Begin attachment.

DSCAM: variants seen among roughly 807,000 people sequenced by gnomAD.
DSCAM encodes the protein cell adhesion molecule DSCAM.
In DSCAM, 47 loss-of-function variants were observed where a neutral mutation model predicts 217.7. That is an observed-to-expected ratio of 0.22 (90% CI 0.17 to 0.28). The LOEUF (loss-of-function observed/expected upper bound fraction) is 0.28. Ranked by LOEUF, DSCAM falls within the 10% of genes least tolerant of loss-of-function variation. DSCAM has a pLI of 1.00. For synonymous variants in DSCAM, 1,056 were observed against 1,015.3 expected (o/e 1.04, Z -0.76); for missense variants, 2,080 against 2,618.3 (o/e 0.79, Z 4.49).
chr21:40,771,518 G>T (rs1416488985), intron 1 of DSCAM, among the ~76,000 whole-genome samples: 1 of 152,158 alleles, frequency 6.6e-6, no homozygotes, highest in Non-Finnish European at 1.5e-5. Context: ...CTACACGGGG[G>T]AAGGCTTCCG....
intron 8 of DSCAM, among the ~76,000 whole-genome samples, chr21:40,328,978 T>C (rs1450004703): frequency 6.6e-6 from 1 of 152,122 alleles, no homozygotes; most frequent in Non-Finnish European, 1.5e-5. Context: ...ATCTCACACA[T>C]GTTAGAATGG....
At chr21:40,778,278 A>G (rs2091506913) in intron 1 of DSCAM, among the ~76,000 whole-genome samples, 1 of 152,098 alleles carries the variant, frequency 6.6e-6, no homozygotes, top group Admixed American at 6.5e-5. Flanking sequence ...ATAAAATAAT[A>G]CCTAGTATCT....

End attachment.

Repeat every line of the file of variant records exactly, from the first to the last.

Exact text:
DSCAM: variants seen among roughly 807,000 people sequenced by gnomAD.
DSCAM encodes the protein cell adhesion molecule DSCAM.
In DSCAM, 47 loss-of-function variants were observed where a neutral mutation model predicts 217.7. That is an observed-to-expected ratio of 0.22 (90% CI 0.17 to 0.28). The LOEUF (loss-of-function observed/expected upper bound fraction) is 0.28. Ranked by LOEUF, DSCAM falls within the 10% of genes least tolerant of loss-of-function variation. DSCAM has a pLI of 1.00. For synonymous variants in DSCAM, 1,056 were observed against 1,015.3 expected (o/e 1.04, Z -0.76); for missense variants, 2,080 against 2,618.3 (o/e 0.79, Z 4.49).
chr21:40,771,518 G>T (rs1416488985), intron 1 of DSCAM, among the ~76,000 whole-genome samples: 1 of 152,158 alleles, frequency 6.6e-6, no homozygotes, highest in Non-Finnish European at 1.5e-5. Context: ...CTACACGGGG[G>T]AAGGCTTCCG....
intron 8 of DSCAM, among the ~76,000 whole-genome samples, chr21:40,328,978 T>C (rs1450004703): frequency 6.6e-6 from 1 of 152,122 alleles, no homozygotes; most frequent in Non-Finnish European, 1.5e-5. Context: ...ATCTCACACA[T>C]GTTAGAATGG....
At chr21:40,778,278 A>G (rs2091506913) in intron 1 of DSCAM, among the ~76,000 whole-genome samples, 1 of 152,098 alleles carries the variant, frequency 6.6e-6, no homozygotes, top group Admixed American at 6.5e-5. Flanking sequence ...ATAAAATAAT[A>G]CCTAGTATCT....